Next on the hit-list was the HRC's. He ran through an exhaustive list of the ludicrous suits heard in the kangaroo courts, including his own.

In 2008, Maclean's magazine was acquitted of "flagrant Islamophobia," by the British Columbia HRC, a charge garnered by Steyn's article "The Future Belongs to Islam."

His defense strategy was to "go magna carta" on a certain HRC chief commissar's "medieval ass," though he didn't hang his success on strategizing alone. The acquittal, rather, was a "political decision," because the HRC couldn't "stand the heat" of a guilty verdict.

The takeaway? The sensitivity crackdowns aren't "just nuts, they're evil." The HRC "Legitimizes the state as the only mediator of social conflicts" leaving Canadians "less free than our grandparents by nearly every particular, except sexual freedom."

Coren and Steyn fielded a few questions, including one from a person who identified herself "as a black woman from the West Indies, who is unapologetically conservative" and wanted to know how to appeal to "her people," who were loyal to the Liberal party, having immigrated while they were in power.

Coren stated that politicians who claim to have a particular ethnic vote in the bag are "inherently racists." Oddly, after what was a truly politically incorrect field day, he could not bring himself to "say the words" some "leftist liberals" used to describe Conservative minorities.

Steyn, on the other hand, took aim at those who identify first as a member of a group: "You and me and Omar Kadhr are all the same, our cultural identity does not trump our identity as citizens."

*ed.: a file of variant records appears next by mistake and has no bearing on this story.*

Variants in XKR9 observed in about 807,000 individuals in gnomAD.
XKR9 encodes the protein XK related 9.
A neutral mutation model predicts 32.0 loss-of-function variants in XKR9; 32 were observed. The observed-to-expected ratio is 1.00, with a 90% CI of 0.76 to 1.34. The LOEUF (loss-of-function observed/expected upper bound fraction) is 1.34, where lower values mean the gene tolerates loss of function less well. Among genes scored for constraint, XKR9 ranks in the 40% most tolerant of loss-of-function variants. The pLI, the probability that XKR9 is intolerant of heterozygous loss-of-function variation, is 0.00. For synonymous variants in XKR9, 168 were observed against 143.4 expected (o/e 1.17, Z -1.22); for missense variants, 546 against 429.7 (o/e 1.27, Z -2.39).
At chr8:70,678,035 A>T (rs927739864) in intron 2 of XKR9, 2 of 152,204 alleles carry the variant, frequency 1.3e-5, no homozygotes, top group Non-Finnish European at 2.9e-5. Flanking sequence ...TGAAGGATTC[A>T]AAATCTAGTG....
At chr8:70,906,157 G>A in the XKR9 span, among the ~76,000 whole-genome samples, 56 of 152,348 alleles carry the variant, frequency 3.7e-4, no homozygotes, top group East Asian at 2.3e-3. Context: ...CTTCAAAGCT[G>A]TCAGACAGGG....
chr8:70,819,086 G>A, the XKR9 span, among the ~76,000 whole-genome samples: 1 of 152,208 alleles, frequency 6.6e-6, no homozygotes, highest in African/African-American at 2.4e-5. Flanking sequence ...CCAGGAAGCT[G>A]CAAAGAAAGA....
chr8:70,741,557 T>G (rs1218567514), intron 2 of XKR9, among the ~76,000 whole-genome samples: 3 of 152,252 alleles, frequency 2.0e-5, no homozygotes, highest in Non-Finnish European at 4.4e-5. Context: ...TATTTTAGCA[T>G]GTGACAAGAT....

Over the course of the night, Steyn sang three songs. The first, his own rendition of "Kung Fu Fighting." A homage to Simon Ledger, who was arrested for racism after singing the tune at a karaoke bar (In case anyone was feeling litigious, he swore he was only lip-synching to Michael Buble). The second, "My Sharia Amour," which he crooned to his Burqa-clad "third wife."

The third and final number was "York, York." AKA, "New York, New York," only tailored to the Toronto audiences. He was accompanied by pianist Bruce Harvey, who expertly modulated to keep up with the uniquely Steynian key signature.

What was my overall impression of the evening? I don't think he hit the right note.   I "get" it. I get that Steyn was being offensive not only to assert his right to do so, but to demonstrate the harmlessness of "hate speech." I'm confident he proved that point - I doubt there was a spike of crime in the neighborhood post-Steynamite.

Still, this wasn't a regular political rally. It was an extravaganza! It was entertainment! And it wasn't all that funny. The combination of the type of rude jokes and the fairly white-bread audience didn't mesh. When Steyn writes for a national newspaper, it makes sense that he attack the nation's sacred cows. When he's surrounded by admirers, he ought to take a jab at their goat. We're going for intellectual pluralism here, folks, and that means variety.